By Charlene Crowell –
Nearly 90 years ago, Kelly Miller (1863-1939), a black sociologist and mathematician, said, “The Negro is up against the white man’s standard, without the white man’s opportunity.”
As the first black man to enroll as a graduate student at Johns Hopkins University in 1908, Miller also authored a book, titled Race Adjustment, published in 1908.
Ironically, despite the passage of time, Miller’s words express the same sentiment held today by many black Americans. As a people and across succeeding generations, we have held fast to our hopes for a better life. Yet it is painfully true that many opportunities enjoyed by other Americans have been elusive for people of color.
Noted author and journalist Ta-Nehisi Coates expressed a similar view during his June 19 Capitol Hill testimony on reparations.
“Enslavement reigned for 250 years on these shores,” noted Coates. “When it ended, this country could have extended its hallowed principles—life, liberty, and the pursuit of happiness—to all, regardless of color. But America had other principles in mind. And so for a century after the Civil War, black people were subjected to a relentless campaign of terror, a campaign that extended well into the lifetime of Majority Leader McConnell.”
While economists, public policy think tanks and other entities may sing a chorus of how well the American economy is performing and expanding, people of color—especially black and brown peoples—have yet to see or feel economic vibrancy in our own lives, particularly when it comes to housing and homeownership.
On June 25, Harvard University’s Joint Center for Housing Studies (JCHS) released its annual report, “The State of the Nation’s Housing.” One of the housing industry’s most broadly anticipated and cited reports, it once again chronicles recent trends and issues.
“The limited supply of smaller, more affordable homes in the face of rising demand suggests that the rising land costs and the difficult development environment make it unprofitable to build for the middle market,” said Chris Herbert, JCHS’s managing director.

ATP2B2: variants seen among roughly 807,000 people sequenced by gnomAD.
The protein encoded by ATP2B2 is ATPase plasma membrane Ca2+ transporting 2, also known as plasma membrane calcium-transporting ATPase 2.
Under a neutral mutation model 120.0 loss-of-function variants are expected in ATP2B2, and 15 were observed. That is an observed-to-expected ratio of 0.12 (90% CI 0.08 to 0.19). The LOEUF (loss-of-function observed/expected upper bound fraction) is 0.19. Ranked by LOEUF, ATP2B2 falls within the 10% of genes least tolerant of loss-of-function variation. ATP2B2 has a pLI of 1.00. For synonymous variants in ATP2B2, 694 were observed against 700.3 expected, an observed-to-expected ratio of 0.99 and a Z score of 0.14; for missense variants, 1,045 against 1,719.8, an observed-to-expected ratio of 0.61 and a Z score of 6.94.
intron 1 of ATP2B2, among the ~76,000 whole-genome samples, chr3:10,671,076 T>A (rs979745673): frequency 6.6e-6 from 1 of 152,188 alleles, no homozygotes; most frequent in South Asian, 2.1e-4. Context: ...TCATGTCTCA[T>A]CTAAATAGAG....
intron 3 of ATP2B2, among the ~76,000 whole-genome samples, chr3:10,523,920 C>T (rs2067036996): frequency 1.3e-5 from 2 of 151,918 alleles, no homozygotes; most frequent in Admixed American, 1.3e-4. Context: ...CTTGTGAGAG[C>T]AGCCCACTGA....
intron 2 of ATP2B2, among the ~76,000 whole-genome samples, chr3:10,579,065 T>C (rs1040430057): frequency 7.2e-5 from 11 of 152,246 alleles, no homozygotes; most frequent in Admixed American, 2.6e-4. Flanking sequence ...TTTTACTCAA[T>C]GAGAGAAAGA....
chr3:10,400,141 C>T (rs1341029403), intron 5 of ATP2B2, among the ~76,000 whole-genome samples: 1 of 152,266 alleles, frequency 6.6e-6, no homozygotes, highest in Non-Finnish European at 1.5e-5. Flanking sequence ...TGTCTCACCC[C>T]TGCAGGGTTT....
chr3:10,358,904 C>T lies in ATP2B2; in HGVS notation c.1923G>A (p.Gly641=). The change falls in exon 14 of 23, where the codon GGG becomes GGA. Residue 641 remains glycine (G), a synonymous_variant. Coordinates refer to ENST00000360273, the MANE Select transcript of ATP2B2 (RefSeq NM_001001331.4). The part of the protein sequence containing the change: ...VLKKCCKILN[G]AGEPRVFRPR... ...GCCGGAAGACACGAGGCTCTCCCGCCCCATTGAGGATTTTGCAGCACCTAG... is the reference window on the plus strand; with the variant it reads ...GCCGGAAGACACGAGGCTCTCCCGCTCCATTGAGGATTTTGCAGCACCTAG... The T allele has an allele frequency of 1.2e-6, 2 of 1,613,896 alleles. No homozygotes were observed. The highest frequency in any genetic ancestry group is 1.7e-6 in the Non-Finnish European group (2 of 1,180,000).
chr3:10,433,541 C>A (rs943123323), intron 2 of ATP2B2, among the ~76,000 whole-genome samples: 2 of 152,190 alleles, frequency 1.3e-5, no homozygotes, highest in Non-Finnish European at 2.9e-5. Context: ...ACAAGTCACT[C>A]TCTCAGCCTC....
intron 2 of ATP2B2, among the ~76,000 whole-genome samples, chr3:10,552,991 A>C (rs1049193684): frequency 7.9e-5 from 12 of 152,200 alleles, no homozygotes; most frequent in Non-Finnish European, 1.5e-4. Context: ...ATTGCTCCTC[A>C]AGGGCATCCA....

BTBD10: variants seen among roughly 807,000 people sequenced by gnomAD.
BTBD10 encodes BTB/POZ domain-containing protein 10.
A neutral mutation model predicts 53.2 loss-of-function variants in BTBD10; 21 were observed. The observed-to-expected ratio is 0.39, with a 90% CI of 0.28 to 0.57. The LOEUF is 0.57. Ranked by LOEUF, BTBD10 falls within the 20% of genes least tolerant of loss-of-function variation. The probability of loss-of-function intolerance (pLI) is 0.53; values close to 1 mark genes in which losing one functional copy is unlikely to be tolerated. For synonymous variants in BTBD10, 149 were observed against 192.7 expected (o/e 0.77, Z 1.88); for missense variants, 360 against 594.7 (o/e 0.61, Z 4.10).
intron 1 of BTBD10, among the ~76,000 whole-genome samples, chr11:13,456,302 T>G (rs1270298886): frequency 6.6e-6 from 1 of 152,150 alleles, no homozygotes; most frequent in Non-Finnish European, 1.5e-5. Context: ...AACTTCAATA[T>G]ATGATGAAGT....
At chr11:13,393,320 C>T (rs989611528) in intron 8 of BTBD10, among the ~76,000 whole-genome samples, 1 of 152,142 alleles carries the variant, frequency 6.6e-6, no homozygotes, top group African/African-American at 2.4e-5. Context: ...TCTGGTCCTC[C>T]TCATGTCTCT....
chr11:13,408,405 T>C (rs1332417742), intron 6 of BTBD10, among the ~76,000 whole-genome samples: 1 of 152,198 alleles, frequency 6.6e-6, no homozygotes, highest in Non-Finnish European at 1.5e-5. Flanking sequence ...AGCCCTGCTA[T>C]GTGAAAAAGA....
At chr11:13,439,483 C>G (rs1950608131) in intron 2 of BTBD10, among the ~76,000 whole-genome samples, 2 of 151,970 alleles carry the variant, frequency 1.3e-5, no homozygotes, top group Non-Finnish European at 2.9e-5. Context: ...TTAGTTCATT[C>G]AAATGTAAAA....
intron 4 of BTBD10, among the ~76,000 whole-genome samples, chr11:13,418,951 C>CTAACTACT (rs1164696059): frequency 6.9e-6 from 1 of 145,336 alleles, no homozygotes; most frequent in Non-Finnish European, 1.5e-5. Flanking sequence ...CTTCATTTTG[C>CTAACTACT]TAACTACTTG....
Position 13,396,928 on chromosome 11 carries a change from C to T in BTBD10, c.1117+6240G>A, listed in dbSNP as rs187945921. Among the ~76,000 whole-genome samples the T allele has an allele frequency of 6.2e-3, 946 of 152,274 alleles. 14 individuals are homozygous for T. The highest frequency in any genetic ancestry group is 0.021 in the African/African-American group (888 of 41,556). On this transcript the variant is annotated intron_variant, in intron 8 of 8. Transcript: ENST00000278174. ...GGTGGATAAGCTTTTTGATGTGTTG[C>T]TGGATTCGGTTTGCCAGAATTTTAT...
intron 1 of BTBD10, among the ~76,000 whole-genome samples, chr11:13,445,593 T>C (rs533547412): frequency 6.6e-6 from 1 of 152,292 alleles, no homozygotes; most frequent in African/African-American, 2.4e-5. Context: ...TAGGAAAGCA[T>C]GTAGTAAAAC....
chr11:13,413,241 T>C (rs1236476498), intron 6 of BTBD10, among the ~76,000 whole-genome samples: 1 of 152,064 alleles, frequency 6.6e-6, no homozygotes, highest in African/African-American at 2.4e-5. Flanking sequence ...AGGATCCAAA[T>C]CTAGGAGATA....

Among this year’s key findings:
- Since 2018, the monthly housing payment on a median-priced home has been $1,775;
- In 2019, the cost of a median-priced home rose by 4% to $261,600 when a comparable home in 2011 was priced far lower at $177,400.
- This rise in home prices is also the seventh straight year that median household incomes have failed to keep pace in 85 of the nation’s largest 100 markets.
- Nearly $52,000 would be required to make a 20% down payment on a median-priced home. Even if buyers opted for an FHA 3.5% down payment mortgage, more than $9,000 would be needed to pay it, closing costs, and related fees;
- In rental housing, four million units of housing priced at $800 or less were lost between 2011 and 2019. Also, since 2010, renters now include consumers earning $75,000 or more.
For families who already own their own homes, these findings signal that their investments are appreciating, growing in equity and wealth. But for those trying to make that important transition from renting to owning, it’s a very different outlook. As rental prices continue to soar and moderately priced apartments disappear from the marketplace, both prospective homeowners and current renters face a shrinking supply of affordable housing.
When homeownership is possible, housing costs can be better contained with fixed-interest-rate mortgages, tax credits, and eventual equity. Even so, the Harvard report finds that only 36% of all consumers could afford to buy their own home in 2018. With higher priced homes in 2019, the affordability challenge worsens.